Imran writes to Modi
Pakistan Prime Minister Imran Khan has written to Prime Minister Narendra Modi asking that India and Pakistan resume dialogue that has been suspended since 2015. In the letter addressing the PM as "Modi Sahab", Imran Khan also suggests a meeting between the foreign ministers of the two countries.
Pakistan "remains ready" to discuss terrorism, the new Pakistan prime minister wrote.
Referring to Modi's letter after he was sworn in last month, Imran Khan said he endorsed his sentiment that the only way forward for the two nations "lies in constructive engagement". In his victory speech, the cricketer turned politician had said that Pakistan would respond with two steps if India took one.
Government sources have told NDTV that resumption of dialogue is not on the cards. "Talks and terror can't go together," they say, reasserting New Delhi's stand. However, a meeting between the foreign ministers on the sidelines of the UN General Assembly next week is not ruled out.
This is the second outreach by Imran Khan, who is perceived as a man close to the Pakistan army and whose campaign speeches were full of anti-India rhetoric.
The letter is dated September 14 but its details have emerged a day after a soldier's throat was slit by Pakistani troops at the International Border, after which the Border Security Force lodged a strong protest with the Pakistan Rangers.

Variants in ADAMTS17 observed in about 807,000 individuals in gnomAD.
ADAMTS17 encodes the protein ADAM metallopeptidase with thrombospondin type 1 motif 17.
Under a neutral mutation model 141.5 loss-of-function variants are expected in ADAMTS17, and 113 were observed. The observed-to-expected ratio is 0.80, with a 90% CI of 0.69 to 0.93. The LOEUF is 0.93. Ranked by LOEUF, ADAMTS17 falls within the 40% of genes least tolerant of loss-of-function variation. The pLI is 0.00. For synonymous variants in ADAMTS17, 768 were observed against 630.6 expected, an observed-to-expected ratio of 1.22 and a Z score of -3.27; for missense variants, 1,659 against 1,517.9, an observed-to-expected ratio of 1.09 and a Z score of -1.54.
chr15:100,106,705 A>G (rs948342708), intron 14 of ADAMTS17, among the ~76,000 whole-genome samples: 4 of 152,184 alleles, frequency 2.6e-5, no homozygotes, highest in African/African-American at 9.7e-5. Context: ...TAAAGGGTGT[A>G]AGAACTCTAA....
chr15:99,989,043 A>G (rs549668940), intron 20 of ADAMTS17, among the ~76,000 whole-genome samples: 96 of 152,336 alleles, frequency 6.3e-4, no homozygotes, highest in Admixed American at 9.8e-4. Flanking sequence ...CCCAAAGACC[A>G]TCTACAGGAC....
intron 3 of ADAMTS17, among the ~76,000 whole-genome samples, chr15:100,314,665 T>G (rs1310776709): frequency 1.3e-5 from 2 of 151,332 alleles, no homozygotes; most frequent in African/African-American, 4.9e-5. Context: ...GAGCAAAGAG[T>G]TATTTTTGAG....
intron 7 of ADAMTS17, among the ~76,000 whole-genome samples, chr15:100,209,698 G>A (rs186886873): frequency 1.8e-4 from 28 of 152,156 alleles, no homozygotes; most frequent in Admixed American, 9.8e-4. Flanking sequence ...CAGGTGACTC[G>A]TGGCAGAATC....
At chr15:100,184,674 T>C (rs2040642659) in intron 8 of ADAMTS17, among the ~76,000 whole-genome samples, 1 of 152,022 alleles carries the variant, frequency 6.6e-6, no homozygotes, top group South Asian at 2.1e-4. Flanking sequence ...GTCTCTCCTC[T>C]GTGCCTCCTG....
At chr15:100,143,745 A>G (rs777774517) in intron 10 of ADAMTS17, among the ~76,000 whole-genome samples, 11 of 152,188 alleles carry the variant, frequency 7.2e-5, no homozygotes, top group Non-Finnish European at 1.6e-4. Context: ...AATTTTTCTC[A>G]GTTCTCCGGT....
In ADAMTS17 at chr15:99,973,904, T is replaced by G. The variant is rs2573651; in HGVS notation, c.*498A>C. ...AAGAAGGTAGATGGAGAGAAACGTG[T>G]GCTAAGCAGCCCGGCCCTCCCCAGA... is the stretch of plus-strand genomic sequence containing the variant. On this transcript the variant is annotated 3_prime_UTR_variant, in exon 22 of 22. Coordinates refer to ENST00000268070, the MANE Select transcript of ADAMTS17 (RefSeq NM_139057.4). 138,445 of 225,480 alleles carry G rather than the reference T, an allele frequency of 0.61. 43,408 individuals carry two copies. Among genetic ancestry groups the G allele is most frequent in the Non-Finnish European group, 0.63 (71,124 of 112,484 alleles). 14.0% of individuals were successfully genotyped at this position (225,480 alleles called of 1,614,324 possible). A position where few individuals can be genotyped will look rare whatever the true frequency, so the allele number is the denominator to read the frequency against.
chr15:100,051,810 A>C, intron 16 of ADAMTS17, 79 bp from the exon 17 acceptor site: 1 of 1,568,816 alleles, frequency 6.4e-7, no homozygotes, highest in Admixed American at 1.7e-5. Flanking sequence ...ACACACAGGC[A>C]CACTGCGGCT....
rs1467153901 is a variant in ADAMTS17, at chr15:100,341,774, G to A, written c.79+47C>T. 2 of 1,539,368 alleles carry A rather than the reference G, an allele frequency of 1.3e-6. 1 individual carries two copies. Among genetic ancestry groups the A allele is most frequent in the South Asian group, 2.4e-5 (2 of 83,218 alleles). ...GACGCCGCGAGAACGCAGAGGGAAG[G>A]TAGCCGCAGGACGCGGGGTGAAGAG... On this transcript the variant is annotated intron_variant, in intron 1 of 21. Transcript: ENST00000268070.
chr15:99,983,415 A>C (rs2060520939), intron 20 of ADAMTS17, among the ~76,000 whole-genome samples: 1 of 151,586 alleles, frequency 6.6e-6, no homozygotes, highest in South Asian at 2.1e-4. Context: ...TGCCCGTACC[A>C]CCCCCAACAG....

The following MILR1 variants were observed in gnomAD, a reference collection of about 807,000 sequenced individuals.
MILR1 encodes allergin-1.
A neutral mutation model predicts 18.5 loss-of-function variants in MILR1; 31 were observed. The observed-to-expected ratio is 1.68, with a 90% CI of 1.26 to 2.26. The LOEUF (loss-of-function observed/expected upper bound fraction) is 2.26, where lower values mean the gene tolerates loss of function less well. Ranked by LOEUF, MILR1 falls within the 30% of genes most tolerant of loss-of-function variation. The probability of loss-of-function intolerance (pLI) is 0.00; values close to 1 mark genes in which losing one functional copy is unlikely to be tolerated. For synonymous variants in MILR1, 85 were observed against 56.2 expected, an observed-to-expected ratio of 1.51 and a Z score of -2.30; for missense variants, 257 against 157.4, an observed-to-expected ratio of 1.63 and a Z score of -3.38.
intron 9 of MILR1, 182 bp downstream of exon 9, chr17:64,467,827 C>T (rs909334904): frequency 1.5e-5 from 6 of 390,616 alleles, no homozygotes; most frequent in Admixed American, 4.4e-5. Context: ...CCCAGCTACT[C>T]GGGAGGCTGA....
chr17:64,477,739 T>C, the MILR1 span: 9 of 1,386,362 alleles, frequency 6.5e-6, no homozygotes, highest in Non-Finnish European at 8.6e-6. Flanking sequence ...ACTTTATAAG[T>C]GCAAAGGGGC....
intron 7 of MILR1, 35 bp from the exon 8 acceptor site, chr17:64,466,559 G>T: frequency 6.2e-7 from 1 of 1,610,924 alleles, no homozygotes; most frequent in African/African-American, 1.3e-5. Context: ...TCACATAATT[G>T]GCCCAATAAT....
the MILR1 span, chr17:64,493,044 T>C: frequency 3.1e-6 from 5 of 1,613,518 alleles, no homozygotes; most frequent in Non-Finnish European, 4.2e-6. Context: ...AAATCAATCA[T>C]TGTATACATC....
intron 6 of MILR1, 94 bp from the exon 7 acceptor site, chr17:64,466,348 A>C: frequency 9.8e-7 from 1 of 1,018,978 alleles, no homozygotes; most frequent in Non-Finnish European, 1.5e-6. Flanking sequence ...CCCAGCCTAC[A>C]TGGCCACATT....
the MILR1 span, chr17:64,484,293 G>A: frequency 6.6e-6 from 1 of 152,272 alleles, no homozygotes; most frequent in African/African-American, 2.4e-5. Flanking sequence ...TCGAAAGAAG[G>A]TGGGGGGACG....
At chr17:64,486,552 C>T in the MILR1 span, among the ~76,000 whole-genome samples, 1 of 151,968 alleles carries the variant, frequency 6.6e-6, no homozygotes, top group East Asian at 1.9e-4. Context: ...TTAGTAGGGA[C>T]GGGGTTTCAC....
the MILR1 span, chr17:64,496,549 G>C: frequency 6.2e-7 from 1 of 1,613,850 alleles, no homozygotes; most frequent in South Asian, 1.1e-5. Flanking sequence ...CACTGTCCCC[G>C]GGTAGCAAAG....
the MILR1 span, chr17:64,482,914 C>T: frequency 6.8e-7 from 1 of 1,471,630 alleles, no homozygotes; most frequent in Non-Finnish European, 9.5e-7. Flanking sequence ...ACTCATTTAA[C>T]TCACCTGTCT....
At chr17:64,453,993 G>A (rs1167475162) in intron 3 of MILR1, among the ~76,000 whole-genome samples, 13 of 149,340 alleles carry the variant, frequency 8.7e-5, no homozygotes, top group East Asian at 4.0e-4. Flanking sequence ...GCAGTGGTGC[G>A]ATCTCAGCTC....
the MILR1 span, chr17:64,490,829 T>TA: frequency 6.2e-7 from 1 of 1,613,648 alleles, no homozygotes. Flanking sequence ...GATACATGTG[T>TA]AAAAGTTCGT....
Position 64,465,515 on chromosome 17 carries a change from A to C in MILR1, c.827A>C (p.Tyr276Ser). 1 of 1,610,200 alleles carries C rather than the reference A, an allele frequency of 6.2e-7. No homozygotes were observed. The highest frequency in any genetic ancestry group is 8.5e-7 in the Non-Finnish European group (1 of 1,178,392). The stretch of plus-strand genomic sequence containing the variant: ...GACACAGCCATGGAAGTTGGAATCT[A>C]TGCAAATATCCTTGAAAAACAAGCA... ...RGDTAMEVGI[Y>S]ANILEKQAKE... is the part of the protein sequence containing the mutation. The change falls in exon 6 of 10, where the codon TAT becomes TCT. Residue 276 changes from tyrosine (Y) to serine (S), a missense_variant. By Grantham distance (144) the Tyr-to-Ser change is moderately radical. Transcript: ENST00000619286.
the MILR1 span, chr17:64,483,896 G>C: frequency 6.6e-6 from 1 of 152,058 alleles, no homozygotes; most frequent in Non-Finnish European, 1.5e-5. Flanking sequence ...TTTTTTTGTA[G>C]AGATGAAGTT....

"Pakistan and India have an undeniably challenging relationship. We, however, owe it to our peoples, especially the future generations, to peacefully resolve all outstanding issues, including the Jammu and Kashmir dispute, to bridge differences and achieve a mutually beneficial outcome," said Khan.
He added that Siachen and Sir Creek also needed close attention to move towards a resolution.
The Modi government has insisted that Pakistan act against anti-India Islamist militant groups that operate from its soil before it can resume peace talks to resolve long standing differences over the Himalayan region of Kashmir and other disputes.
Pakistan denies aiding and abetting attacks in India including in Kashmir and says it is fighting militant groups for its own security, reported Reuters.